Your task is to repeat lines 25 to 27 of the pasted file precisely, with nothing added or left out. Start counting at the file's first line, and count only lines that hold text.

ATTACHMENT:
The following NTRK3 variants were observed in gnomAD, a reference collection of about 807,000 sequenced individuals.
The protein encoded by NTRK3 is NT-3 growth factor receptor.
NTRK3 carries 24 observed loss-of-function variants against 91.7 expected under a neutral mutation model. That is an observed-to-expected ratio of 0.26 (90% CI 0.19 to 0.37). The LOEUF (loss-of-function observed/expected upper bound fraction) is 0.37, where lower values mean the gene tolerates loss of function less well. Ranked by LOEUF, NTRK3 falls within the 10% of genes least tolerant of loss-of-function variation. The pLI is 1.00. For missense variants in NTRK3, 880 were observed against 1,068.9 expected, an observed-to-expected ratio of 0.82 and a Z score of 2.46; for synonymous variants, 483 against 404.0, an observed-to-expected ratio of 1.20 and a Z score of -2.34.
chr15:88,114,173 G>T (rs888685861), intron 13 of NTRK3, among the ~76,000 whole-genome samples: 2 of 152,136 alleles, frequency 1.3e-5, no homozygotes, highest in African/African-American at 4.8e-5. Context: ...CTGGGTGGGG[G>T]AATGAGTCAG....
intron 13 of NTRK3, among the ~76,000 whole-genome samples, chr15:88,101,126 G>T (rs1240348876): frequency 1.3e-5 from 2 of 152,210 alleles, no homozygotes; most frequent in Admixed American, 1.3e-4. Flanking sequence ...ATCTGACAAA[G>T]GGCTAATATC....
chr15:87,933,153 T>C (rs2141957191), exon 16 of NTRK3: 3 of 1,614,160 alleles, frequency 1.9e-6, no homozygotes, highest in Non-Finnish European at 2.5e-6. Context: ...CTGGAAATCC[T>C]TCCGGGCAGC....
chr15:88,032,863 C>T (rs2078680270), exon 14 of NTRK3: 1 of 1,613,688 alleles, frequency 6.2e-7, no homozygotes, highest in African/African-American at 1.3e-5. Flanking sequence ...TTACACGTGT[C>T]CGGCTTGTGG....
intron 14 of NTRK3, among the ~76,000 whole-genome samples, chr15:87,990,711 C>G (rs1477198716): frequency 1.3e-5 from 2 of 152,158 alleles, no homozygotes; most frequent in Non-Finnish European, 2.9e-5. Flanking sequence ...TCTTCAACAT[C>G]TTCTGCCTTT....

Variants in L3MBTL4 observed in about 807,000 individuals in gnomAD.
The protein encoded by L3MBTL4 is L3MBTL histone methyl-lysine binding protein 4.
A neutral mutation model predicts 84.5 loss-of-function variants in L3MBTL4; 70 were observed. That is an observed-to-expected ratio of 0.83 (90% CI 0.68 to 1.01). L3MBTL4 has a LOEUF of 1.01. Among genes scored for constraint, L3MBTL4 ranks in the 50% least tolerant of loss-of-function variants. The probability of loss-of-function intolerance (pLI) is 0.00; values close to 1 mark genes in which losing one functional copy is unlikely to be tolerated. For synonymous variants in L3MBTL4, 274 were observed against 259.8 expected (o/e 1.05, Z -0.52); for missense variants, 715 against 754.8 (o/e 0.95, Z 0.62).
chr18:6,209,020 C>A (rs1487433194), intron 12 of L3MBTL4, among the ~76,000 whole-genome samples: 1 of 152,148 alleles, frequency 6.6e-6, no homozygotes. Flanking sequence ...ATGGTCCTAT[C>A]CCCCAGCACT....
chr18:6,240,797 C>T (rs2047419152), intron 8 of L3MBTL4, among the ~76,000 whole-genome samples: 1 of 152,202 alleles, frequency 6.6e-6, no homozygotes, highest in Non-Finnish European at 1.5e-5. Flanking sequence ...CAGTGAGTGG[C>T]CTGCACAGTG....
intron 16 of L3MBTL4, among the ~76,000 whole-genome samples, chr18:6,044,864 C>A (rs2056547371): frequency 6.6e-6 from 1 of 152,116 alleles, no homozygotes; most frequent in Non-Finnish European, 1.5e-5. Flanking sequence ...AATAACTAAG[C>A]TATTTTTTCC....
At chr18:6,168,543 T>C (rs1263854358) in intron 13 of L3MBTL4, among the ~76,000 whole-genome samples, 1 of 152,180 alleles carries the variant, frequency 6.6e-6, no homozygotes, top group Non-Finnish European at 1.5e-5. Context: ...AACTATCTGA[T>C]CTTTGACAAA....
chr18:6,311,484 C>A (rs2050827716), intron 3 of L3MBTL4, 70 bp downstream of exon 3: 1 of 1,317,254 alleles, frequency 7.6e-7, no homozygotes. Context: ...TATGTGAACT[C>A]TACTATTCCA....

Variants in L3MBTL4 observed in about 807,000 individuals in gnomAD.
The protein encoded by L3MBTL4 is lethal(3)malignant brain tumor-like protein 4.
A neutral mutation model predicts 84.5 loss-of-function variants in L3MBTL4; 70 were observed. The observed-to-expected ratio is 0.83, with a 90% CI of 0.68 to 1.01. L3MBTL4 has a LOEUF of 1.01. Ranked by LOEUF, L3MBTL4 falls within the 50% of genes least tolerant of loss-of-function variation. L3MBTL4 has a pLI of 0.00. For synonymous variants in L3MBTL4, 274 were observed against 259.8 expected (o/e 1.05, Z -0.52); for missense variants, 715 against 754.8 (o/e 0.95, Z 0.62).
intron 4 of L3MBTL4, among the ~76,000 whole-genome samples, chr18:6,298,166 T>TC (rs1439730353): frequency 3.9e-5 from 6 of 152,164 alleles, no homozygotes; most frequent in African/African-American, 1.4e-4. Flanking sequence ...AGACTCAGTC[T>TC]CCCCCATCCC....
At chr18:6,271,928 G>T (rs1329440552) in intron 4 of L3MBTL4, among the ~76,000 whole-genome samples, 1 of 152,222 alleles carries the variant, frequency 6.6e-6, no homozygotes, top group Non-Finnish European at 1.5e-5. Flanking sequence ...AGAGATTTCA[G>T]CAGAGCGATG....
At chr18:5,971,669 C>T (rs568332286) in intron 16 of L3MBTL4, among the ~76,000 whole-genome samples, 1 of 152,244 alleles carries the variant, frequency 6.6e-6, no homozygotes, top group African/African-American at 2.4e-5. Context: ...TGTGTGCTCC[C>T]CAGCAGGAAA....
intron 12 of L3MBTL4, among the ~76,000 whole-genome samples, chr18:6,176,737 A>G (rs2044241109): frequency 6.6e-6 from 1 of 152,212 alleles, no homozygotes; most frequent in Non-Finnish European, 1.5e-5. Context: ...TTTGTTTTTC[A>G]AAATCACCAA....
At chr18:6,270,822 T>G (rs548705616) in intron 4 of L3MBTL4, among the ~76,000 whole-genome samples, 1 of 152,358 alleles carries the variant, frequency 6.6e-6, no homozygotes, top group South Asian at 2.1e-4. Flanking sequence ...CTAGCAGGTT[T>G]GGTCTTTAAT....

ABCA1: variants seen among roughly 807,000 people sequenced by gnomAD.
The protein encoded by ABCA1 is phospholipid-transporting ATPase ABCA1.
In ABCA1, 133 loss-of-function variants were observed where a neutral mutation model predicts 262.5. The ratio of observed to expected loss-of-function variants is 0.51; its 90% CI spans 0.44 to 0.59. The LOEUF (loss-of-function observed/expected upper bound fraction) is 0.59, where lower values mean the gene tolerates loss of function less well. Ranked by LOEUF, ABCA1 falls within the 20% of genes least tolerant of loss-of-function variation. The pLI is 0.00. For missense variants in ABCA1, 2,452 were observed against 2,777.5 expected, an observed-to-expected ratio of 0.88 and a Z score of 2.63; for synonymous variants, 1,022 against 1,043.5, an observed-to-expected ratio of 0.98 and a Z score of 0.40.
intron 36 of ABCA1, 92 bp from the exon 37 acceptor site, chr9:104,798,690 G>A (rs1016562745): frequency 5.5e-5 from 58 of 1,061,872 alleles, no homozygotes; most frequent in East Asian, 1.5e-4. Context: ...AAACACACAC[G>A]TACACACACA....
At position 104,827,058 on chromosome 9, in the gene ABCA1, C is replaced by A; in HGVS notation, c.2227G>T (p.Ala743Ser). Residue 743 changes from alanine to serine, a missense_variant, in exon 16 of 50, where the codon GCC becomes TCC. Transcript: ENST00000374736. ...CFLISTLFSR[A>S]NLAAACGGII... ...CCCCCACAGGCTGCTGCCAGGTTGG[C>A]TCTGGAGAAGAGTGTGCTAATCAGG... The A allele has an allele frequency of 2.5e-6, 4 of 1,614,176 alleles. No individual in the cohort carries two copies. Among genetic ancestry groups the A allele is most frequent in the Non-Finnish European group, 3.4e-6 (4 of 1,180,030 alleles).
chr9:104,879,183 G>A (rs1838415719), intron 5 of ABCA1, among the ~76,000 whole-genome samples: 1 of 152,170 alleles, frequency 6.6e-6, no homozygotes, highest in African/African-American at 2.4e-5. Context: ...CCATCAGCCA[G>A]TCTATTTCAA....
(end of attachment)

ABCA1: variants seen among roughly 807,000 people sequenced by gnomAD.
The protein encoded by ABCA1 is phospholipid-transporting ATPase ABCA1.
In ABCA1, 133 loss-of-function variants were observed where a neutral mutation model predicts 262.5. The ratio of observed to expected loss-of-function variants is 0.51; its 90% CI spans 0.44 to 0.59. The LOEUF (loss-of-function observed/expected upper bound fraction) is 0.59, where lower values mean the gene tolerates loss of function less well. Ranked by LOEUF, ABCA1 falls within the 20% of genes least tolerant of loss-of-function variation. The pLI is 0.00. For missense variants in ABCA1, 2,452 were observed against 2,777.5 expected, an observed-to-expected ratio of 0.88 and a Z score of 2.63; for synonymous variants, 1,022 against 1,043.5, an observed-to-expected ratio of 0.98 and a Z score of 0.40.